The right hon. Gentleman agreed that we should not expel Egyptians. I am sure that the House and the country would not wish us to meet barbarism with barbarism. The right hon. Gentleman also asked what arrangements we were making. This is only an interim statement; we had the news only on Friday, but all the points which he raised are being considered.

Mr. Patrick Maitland

Does not this action underline the extreme importance of the very closest scrutiny of the competence of the United Nations Force which is going in there?

Mr. S. Silverman

Can the Minister confirm that this order applies not merely to British and French citizens—who will no doubt be warmly welcomed home when they arrive—but also to 40,000 or 50,000 Jews, who are Egyptian citizens and who, therefore, have no claim on any other country? If he can confirm that the order does so apply, can he say whether the Government will treat these Jews as humanely and generously as we are rightly doing in the case of the refugees from Hungary?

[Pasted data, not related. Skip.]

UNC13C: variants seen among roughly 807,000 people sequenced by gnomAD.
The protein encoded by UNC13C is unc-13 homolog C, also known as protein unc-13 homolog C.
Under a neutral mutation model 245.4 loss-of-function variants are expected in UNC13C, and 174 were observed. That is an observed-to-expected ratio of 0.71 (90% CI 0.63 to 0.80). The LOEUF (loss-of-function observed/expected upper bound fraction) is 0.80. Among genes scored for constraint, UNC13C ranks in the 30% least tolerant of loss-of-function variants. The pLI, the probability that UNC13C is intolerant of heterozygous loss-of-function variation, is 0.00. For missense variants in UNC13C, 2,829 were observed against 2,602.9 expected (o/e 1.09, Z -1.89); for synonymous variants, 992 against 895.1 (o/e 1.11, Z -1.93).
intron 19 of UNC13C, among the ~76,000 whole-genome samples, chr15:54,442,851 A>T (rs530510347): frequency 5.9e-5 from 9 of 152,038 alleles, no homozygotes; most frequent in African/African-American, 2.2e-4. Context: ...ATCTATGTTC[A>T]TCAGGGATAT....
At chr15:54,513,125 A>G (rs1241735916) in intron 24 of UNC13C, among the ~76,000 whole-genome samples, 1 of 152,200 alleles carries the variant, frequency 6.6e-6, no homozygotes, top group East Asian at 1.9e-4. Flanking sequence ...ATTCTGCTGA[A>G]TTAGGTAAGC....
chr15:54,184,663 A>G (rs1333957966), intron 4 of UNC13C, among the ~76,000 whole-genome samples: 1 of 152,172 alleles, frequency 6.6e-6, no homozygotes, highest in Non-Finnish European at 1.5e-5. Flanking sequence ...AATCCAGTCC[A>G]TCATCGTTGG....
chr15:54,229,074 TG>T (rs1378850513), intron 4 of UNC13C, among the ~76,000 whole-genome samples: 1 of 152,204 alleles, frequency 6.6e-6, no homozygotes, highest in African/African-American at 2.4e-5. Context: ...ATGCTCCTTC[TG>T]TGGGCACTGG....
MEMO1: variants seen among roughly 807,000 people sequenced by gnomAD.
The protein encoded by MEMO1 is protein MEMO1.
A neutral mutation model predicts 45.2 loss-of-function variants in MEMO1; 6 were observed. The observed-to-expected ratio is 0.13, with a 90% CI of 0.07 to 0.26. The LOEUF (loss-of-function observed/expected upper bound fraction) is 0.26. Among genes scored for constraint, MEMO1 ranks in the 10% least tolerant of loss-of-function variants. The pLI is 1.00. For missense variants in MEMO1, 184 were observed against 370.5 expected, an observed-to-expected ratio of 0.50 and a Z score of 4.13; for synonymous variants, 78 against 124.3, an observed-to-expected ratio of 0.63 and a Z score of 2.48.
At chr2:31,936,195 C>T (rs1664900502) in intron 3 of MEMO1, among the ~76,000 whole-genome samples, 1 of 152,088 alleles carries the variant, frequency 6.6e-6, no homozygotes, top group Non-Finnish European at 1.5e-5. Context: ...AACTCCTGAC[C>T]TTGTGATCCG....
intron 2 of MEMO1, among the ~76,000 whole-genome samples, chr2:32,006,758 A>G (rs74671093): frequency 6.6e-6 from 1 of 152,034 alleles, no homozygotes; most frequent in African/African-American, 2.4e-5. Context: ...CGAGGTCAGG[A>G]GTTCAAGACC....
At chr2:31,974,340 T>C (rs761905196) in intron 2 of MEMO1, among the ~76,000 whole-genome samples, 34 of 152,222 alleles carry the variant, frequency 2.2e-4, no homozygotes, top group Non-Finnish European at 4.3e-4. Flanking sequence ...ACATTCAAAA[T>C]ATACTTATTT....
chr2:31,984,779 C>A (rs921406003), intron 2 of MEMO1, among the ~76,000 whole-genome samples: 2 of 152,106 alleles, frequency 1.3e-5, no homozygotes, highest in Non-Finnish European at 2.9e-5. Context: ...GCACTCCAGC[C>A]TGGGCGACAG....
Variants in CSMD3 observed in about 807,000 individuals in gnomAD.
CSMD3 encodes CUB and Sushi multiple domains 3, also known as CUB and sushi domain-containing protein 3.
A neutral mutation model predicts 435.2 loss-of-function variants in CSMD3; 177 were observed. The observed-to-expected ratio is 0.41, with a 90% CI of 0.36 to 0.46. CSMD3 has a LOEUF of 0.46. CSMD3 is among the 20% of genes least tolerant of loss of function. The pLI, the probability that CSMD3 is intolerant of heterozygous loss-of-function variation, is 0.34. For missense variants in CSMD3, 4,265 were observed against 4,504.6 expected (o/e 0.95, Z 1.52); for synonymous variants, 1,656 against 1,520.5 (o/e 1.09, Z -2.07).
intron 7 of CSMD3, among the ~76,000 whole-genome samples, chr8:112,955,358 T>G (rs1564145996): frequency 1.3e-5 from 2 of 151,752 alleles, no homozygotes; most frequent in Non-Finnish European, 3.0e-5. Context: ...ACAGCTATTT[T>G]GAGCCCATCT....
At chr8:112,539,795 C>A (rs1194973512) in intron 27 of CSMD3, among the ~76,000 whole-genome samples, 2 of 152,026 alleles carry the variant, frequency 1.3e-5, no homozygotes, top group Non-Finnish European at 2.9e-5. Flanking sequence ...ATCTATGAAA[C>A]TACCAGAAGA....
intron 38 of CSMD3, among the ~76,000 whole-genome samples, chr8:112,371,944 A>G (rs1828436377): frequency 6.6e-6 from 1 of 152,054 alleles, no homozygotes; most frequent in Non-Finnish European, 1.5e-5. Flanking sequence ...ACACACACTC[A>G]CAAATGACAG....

Commander Noble

That is a different question. We would not be informed of that by the Swiss Minister in Cairo.

Mr. Bellenger

Can the right hon. and gallant Gentleman tell the House what is the status of these people under international law? If they had been in the armed forces they would be protected as prisoners of war. Have they no protection whatever under international law at the moment?

Commander Noble